The brand claims to particularly fit the bill for the 61% of snack eaters who want something healthier than sugary confectionery, with the offer of low sugar and an extra functional punch.
“Consumers are seeking products with functional benefits, and not just snacks that have reduced sugar or calories,” says Rachel Austerberry, head of convenience and high street for the brand. “Ticking these boxes are Grenade’s Protein Bars, which are low in sugar, high in protein, taste great and clearly label their offering on-pack.”
With this popularity in mind, it pays to keep a watch on protein bar stock. Richard says that when protein bars push the £3 rrp mark they can become a target for shoplifters who try to swipe a few at a time.
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5. 44% of snackers think that snacks are a good way to add nutrients to your diet
The dial has been shifted for snacks offering specific ingredients or health benefits, states Jack Link’s. ”In fact, 44% of snackers believe snacking is a great way to get extra nutrients into our diets [Mintel, UK Consumer Snacking Market Report 2021], including the addition of fibre or protein,” says Laura Trivulzio, marketing director at Jack Link’s & Peperami.
“Since the pandemic, consumers are more aware about what they’re eating, and the ingredients in their favourite snacks. In particular, many are looking to improve their diet by consuming less sugar and consuming higher levels of protein.”
As a result of its convenience and the demand for nutritious snacks, the ambient meat snacking category is witnessing growth at +17% Vs YA, continuing to drive the savoury snacking market outperformance (Nielsen, value sales, 21/12/21) and Jack Link’s is growing ahead of the category at +29%, with a market share of 27% (ibid), she claims.
“With one in four households buying meat snacks every year, the category is attracting more shoppers than ever before,” says Trivulzio. “With high protein, lower sugar, gluten free and under 100 calories becoming key benefits consumers are looking for, the meat snacking category has continued to grow and is set to continue as the healthier snacking choice.”
6. The HFSS restrictions will not apply to nuts
Over in the crisps, nuts & snacks category, KP Snacks has been busy flagging up the nutrient content of nuts, which will not be restricted under the HFSS regulations. “Nuts have been recognised as an important part of a healthy and sustainable diet,” says Collins. “They are excluded from the proposed HFSS legislation and represent a huge opportunity for growth.”
He notes that KP Nuts have a high protein and fibre content, as well as containing natural vitamins and minerals. “Since nuts are naturally high in fibre and KP is the UK’s leading nut brand, we believe we have an important role to play in highlighting the fibre content of our nut range to consumers,” he says. “We have rolled out fibre labelling across our portfolio of products and have pledged to use the power of our marketing to help people understand the fibre benefits of nuts and switch to higher fibre alternatives.” In 2021 the brand launched its KPow! Media campaign, championing tasty nuts while highlighting the High in Fibre messaging, and encouraging people to consume nuts more regularly. KP Nuts is worth £82.8M RSV and is growing +7.7% (Nielsen Scantrack 04.12.21).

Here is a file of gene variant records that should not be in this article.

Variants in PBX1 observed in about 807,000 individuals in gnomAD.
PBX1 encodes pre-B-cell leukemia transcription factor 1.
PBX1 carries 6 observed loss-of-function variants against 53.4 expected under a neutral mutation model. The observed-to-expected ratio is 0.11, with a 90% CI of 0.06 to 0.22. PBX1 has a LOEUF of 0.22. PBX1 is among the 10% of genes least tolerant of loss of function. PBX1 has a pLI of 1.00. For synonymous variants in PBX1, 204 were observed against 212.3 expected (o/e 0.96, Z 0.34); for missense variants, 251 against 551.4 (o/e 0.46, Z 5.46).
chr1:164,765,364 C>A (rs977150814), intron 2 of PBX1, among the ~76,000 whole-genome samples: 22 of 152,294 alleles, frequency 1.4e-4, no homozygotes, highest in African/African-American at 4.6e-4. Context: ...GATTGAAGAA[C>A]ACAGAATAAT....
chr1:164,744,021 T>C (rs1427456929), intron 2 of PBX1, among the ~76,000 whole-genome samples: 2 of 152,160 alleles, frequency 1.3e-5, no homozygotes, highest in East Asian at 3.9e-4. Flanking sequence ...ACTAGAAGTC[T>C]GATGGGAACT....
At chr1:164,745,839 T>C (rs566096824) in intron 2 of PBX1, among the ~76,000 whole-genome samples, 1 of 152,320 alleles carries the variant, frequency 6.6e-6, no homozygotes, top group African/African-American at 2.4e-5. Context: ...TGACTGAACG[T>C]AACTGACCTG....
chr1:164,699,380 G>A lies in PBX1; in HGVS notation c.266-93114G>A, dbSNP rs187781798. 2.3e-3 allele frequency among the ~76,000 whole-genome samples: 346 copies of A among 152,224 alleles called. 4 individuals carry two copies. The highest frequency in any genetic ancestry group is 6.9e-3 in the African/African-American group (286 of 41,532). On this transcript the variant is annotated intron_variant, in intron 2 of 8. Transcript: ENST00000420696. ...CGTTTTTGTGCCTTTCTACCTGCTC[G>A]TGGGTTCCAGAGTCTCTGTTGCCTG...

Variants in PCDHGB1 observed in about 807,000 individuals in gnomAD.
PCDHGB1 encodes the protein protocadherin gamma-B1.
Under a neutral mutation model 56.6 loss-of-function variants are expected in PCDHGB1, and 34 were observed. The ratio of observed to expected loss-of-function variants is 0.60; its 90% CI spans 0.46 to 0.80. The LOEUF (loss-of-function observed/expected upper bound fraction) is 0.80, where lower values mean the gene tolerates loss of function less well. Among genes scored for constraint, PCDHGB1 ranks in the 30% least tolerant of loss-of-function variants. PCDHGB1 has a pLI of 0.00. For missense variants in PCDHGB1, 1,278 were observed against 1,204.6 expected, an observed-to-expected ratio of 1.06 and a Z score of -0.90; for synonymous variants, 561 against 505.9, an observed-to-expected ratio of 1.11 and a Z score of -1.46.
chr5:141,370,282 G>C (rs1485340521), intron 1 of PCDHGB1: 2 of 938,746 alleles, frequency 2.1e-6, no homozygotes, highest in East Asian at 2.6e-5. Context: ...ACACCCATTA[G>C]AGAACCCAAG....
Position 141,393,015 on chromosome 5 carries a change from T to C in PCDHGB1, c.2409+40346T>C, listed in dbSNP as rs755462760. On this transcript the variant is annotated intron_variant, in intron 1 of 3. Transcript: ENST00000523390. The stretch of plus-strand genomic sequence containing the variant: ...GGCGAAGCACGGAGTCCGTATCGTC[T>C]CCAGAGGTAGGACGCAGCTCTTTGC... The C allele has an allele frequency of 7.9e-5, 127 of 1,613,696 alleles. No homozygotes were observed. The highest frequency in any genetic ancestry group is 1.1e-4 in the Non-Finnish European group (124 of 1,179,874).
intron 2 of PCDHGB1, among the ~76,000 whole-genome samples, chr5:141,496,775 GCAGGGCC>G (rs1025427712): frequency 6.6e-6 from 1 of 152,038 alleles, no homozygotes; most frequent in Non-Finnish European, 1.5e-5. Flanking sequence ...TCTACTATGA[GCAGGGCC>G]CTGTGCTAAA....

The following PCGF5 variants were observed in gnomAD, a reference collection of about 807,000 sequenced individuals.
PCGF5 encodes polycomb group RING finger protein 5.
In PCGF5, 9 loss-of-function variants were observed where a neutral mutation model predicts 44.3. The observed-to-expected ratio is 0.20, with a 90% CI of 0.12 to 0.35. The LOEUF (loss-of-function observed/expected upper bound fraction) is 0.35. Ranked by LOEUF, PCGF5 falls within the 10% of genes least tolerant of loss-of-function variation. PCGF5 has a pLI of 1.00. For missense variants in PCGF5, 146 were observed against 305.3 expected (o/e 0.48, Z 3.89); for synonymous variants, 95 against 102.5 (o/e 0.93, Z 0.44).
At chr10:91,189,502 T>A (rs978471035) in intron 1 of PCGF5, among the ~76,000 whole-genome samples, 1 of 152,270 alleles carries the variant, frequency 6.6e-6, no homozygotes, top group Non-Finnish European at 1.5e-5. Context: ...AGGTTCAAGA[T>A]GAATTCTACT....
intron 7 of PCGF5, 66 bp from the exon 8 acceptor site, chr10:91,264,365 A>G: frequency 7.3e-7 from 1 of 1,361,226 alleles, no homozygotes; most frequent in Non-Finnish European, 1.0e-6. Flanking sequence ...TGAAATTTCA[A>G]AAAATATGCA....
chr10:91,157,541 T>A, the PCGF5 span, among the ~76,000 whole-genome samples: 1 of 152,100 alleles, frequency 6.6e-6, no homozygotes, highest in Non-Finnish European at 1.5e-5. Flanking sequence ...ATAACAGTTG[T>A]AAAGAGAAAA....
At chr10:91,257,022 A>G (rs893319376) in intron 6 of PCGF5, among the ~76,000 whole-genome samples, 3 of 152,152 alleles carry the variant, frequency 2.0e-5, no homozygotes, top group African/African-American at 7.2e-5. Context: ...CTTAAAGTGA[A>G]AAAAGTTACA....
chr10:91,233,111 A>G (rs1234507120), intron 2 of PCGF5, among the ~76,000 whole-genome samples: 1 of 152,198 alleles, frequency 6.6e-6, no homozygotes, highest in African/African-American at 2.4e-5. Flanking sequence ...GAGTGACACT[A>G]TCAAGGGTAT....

7. A chilled snack is twice as likely to be considered ‘healthy’ as an ambient choice
Just being there in the chiller gives many snacks a ready-made virtuous ‘health halo’ with data from Kantar showing that a chilled snack is twice as likely to be considered ‘healthy’ as an ambient snack [Kantar]. That’s good news for the cheese snacking category, which is worth £49m in convenience (including mults) [IRI].
“During lockdown we saw consumers turn to quick, easy and satisfying snacks and mini meals in the home, with cheese on toast crowned the nation’s favourite lockdown snack [Raisin.co.uk survey of 2000 people], perceived by many as a relatively nutritious option,” says Anca Lazar, senior brand manager for Cathedral City Snacking. “Equally as schools and workplaces reopened, we witnessed a recovery of convenient prepacked cheese snacking formats suited to carried out lunch occasions. Together this has contributed to an additional 23 million more snacking occasions for the cheese category [Lumina].”
She advises retailers to create a healthier snacks section in their chillers. “There is an opportunity for retailers to create a dedicated shelf or fixture for grab and go products carrying a ‘healthier’ positioning to help shoppers make a rapid product choice,” she says. “In the chiller this could, for example, include grab and go cheese and meat snacks, hardboiled eggs, olives and veggies + dip packs.”
With change on the horizon, expect healthier choices to win more prominence in-store. That’s unless a backlash to HFSS restrictions drives customers to retox rather than detox.
“I think people do want to be healthier,” says Richard. ”But there might be a gap between what the government wants us to eat – and what customers will actually buy.”
8. Over half of UK consumers have more interest in eating healthily than a decade ago
While 58% of consumers have more interest in eating healthily than they did a decade ago, one in five still rate their diet as not healthy according to new research from Birds Eye. The findings from the Better Health Impact report suggest there is a golden opportunity for the food industry to help the nation better their health by supporting and empowering consumers and providing access to affordable, accessible and nutritious food, claims the firm. “This can be achieved by expanding healthy product ranges, innovating new healthier products, making nutritional improvements to the products we are currently offering and by gently nudging consumers towards more healthy and sustainable diets,” says general manager Steve Challouma. Birds Eye shares high protein snack recipes for Green Pea Hummus Dip and Pea, Ham and Cheese Muffin on its website.